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Dr. urges covid shots for children


An ‘essential layer of protection’

Our state experienced the most devastating point of the pandemic last winter. More than 21,000 Californians were hospitalized with COVID-19 in the last week of December, and we lost 18,518 mothers, fathers, sisters and brothers to this deadly virus in January. The light at the end of the tunnel felt out of reach.

Today, we have the tools to help protect against another winter surge and avoid preventable hospitalizations and deaths: vaccines. More than 87 percent of eligible Californians have received at least one dose, and the FDA’s recent authorization of the Pfizer vaccine for children ages 5-11 is a game changer. For the first time, whole families, from our young kids to our grandparents, can have protection against COVID-19.

As California’s first Surgeon General, I am committed to making vaccination available to every eligible Californian. And as a mom of four boys, I am reassured that by having my children vaccinated, I am doing everything I can to keep them, our family and our community safe.

The number of infections is increasing, largely in unvaccinated people, who are 9.5 times more likely to be hospitalized and 18.2 times more likely to die from COVID-19 than fully vaccinated people. People of color are being hardest hit. We need all eligible Californians to get vaccinated or complete their vaccination series and get a booster as soon as they are eligible to help bring this pandemic to an end.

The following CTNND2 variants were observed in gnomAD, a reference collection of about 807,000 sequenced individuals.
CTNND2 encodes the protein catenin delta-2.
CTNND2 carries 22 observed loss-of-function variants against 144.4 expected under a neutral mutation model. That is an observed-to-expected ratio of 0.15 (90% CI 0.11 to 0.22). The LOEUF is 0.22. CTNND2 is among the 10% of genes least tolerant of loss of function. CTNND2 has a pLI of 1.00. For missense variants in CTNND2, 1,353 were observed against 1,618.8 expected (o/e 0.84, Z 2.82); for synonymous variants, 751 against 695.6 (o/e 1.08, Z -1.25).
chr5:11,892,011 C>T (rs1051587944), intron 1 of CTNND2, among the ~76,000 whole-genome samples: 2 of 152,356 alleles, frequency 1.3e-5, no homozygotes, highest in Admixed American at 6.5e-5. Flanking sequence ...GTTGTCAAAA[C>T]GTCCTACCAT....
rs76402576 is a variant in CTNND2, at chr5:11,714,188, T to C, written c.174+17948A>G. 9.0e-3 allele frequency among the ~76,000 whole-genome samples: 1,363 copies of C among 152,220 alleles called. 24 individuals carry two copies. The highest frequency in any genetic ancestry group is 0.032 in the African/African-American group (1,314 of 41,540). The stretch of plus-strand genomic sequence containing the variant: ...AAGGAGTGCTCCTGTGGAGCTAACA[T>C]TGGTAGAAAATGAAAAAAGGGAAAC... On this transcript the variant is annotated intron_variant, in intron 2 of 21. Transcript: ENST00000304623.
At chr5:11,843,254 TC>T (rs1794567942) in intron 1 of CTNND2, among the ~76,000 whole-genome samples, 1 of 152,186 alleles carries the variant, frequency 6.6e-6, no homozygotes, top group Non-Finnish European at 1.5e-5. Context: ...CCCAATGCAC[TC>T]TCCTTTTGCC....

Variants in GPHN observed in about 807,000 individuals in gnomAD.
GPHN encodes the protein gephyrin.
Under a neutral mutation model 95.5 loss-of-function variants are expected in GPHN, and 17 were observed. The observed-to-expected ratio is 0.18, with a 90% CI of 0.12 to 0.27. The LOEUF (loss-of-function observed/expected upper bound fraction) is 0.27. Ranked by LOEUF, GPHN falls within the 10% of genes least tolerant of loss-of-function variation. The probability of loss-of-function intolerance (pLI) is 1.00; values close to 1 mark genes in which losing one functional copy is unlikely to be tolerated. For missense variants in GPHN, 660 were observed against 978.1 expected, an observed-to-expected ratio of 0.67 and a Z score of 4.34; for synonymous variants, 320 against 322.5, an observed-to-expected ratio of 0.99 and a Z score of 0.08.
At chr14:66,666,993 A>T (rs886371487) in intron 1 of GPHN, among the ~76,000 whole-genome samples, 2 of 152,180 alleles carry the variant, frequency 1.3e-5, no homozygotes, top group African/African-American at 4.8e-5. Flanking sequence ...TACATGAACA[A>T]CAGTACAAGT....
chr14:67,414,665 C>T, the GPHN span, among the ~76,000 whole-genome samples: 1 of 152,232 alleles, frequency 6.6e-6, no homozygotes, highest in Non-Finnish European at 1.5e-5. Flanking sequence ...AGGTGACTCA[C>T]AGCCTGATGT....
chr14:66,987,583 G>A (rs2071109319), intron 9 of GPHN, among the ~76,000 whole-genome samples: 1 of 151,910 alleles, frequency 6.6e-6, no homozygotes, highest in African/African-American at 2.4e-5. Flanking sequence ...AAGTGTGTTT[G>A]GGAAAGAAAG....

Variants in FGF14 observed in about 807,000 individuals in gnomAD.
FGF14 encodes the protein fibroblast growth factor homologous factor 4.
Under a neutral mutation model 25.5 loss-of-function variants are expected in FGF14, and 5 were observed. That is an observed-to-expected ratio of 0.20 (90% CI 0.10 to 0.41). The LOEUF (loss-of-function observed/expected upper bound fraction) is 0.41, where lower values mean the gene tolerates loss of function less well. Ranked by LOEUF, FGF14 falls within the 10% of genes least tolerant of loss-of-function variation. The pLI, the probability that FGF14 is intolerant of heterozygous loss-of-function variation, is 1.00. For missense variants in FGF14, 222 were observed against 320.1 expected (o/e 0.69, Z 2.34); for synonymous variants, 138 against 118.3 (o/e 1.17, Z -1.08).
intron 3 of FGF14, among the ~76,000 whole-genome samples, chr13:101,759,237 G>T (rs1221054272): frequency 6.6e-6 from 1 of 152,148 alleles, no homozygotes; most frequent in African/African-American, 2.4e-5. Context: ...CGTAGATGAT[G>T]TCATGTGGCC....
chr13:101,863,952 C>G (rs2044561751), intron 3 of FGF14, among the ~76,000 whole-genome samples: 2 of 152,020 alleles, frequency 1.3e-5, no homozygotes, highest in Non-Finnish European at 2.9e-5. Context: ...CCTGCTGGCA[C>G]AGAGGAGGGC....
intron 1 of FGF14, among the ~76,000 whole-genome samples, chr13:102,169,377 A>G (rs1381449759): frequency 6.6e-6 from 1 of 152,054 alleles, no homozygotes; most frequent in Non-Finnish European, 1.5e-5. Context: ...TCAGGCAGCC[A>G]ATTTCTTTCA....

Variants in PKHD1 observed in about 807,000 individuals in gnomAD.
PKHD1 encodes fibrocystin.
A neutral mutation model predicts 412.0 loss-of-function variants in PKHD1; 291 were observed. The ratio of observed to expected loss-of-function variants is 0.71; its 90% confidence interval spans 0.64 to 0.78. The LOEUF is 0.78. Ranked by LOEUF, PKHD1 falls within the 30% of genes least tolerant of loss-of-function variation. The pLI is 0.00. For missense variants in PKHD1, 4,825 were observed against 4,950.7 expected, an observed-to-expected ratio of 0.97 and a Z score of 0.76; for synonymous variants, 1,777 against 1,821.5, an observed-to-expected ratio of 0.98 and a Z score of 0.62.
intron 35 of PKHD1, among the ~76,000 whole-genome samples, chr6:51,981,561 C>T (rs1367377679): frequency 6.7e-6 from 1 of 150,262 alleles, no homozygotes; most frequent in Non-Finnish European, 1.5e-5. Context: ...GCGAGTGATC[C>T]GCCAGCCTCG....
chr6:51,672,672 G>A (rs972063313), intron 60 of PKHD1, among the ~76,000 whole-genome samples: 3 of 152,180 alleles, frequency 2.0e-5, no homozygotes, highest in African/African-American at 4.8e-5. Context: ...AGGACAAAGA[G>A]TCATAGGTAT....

As a pediatrician, I know how crucial vaccination is in protecting children against other preventable diseases like measles, mumps, and chicken pox. The COVID-19 vaccine, which is specially dosed for children ages 5-11, offers an essential layer of protection against this deadly virus.

In fact, the COVID-19 vaccines have gone through the most intensive safety monitoring in U.S. vaccine history.

More than 700,000 children and adolescents in California have been infected with COVID-19. There have been more than 6,500 pediatric hospitalizations in our state since July of last year, and we have lost 37 young lives since the start of the pandemic. Children can experience “long COVID” and the virus can also cause Multisystem Inflammatory Syndrome in Children (MIS-C), in which a hyperactive immune system attacks the child’s body. Our state alone has seen 660 of these cases, half of whom had to be hospitalized in intensive care units.

Vaccination not only helps prevent these troubling outcomes, but also reduces spread of the virus to our loved ones, such as grandparents and others with more vulnerable immune systems.

Protect your family. Call your pediatrician or a local health clinic to schedule your child’s vaccination appointment. You can also visit or call (833) 22-4255 to find a vaccination site near you.

Dr. Nadine Burke Harris is the Surgeon General of California. A pediatrician, she is at the forefront of the statewide campaign to reduce Adverse Childhood Experiences (ACEs) and toxic stress by half in one generation.